The difference this time, he says, "is that we're seeing a couple of large outcrops of rock poking through the soil of the Columbia Hills. The rocks are about 25 percent carbonate by weight, by far the highest abundance we've seen on Mars."

Comanche and a neighboring small outcrop dubbed Comanche Spur have the same granular texture and Mini-TES spectral nature. Ruff says they are part of a stack of volcanic sedimentary rocks, draped over the underlying terrain.

"They're definitely a puzzle to understand," says Ruff. "The outcrops are very rich in olivine, a volcanic mineral, but they appear to have been soaked in water." He explains that it's as if the granular material settled over a preexisting landscape, then the entire stack was flooded with carbonate-rich water, probably from a hydrothermal source.

NASA's other Mars rover, Opportunity, has discovered ample evidence for alteration of rocks by water in Meridiani Planum, on the other side of Mars from Spirit's Gusev Crater. But the water at Meridiani was strongly acidic. While life can evolve to survive in acidic conditions — such as in some of Yellowstone National Park's geysers and hot springs — few scientists think it can start under those conditions.

Thin blades protrude like fins from Comanche Spur just below Spirit's instrument arm (left). These mark where carbonate-rich water left fracture-filling deposits, which have proved somewhat more resistant to erosion than the surrounding rock. This image was taken by Spirit's Hazcam; for scale, the rover's wheels are 10 inches in diameter. Credit: NASA/JPL/Cornell University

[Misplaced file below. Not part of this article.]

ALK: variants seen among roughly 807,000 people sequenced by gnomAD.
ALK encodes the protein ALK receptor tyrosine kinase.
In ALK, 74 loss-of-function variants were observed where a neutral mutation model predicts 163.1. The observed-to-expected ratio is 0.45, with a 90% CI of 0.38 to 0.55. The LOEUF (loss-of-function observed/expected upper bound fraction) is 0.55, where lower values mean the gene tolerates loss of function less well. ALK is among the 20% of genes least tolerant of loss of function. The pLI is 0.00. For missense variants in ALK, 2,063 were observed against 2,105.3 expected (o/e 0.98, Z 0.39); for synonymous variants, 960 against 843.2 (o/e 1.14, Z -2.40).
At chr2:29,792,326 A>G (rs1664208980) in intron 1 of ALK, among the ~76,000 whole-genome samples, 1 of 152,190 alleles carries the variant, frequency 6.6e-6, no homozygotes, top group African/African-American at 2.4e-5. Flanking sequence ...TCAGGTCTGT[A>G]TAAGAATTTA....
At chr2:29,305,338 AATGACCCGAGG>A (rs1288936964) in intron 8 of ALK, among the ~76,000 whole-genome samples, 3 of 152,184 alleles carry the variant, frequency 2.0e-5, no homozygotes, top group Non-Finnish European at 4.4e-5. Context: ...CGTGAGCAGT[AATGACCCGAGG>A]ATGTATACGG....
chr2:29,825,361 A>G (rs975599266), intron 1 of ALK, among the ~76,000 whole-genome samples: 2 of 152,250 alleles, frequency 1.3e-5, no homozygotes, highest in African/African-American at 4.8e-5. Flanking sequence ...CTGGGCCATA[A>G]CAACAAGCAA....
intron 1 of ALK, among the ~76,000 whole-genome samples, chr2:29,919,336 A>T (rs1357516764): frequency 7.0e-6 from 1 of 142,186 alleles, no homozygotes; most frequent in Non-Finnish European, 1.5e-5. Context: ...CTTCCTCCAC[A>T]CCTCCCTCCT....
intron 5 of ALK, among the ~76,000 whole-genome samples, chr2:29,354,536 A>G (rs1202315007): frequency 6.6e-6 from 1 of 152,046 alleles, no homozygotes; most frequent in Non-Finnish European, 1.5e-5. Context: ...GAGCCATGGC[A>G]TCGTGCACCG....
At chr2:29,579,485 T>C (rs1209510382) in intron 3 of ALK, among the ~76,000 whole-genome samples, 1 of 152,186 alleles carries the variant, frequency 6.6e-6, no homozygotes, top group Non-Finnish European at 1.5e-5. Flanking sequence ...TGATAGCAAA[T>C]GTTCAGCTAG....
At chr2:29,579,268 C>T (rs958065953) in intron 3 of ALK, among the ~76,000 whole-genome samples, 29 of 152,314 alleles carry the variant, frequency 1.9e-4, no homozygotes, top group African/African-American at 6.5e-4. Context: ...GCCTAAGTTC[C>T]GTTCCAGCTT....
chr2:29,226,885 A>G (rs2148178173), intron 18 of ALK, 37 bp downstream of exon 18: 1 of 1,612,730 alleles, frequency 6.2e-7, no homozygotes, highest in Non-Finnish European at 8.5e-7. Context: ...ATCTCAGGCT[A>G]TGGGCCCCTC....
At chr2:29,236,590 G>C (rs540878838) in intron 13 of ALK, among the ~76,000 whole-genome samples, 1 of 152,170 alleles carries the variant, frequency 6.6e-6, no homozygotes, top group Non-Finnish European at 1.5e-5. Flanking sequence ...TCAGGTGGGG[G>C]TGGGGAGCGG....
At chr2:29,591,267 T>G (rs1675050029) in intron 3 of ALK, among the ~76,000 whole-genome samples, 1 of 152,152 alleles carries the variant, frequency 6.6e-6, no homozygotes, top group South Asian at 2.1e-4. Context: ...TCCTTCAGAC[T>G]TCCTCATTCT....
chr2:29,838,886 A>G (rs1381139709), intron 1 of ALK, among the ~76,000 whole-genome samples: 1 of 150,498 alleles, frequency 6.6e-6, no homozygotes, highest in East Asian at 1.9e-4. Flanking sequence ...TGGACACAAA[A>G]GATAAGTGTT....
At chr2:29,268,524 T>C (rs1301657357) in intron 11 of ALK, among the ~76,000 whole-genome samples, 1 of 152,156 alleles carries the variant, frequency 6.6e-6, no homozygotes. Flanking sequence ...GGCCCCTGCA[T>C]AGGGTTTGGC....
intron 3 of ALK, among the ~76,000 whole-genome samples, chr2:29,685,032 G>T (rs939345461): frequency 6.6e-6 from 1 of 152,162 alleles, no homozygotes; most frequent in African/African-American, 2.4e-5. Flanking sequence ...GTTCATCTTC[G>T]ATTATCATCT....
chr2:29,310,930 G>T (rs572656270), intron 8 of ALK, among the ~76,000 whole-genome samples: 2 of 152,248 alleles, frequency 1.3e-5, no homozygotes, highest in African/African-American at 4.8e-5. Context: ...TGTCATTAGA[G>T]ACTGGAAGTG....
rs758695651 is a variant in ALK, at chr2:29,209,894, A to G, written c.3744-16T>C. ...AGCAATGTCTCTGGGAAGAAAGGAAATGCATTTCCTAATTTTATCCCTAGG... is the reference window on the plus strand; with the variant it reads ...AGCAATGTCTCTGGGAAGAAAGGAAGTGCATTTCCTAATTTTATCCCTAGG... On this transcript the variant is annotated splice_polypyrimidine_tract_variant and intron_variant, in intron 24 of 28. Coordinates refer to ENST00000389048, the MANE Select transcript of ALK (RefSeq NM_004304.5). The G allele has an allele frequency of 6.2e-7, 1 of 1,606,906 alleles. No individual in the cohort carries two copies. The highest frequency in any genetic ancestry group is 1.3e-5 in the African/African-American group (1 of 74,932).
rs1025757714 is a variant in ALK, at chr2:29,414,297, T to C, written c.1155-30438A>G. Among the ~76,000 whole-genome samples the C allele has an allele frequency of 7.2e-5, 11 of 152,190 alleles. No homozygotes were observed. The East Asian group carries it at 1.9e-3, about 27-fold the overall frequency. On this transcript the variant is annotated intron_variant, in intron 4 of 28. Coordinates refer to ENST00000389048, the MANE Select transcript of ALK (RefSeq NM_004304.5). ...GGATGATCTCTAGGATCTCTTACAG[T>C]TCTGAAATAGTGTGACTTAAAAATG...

Moreover, acidic water quickly destroys carbonate minerals, as for example vinegar dissolves hard water deposits. Thus finding outcrops of carbonate rock shows that the hydrothermal water at Comanche was liquid, chemically neutral, and abundant.

While there's no evidence for life, Ruff says, the conditions would have been more favorable for it.

Ironically, Ruff notes, the new finding complicates the story of the Columbia Hills. "This makes the geology harder to understand. It adds another environment to incorporate into the picture of how the Hills formed," he says.

Looking at the big picture, Ruff notes, "the Comanche data have been available to scientists and the public for about four years now. The new finding shows that this data set still harbors potentially major discoveries.

"Do other surprises await us? Who knows? But I'll make a strong prediction: More discoveries will be made with old data."

Explore further: Scientists find meteoritic evidence of Mars water reservoir

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User comments : 2

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Szkeptik
5 / 5 (2) Jun 03, 2010
The mars rover mission seems to be a never ending success story. Years beyond their planned lifespan and still making discoveries. Bravo!
ubavontuba
1 / 5 (1) Jun 03, 2010
They should rename the Spirit rover to "Charlie Brown." Remember how Charlie Brown went trick-or-treating on Halloween and dejectedly said, "I got a rock." at every door?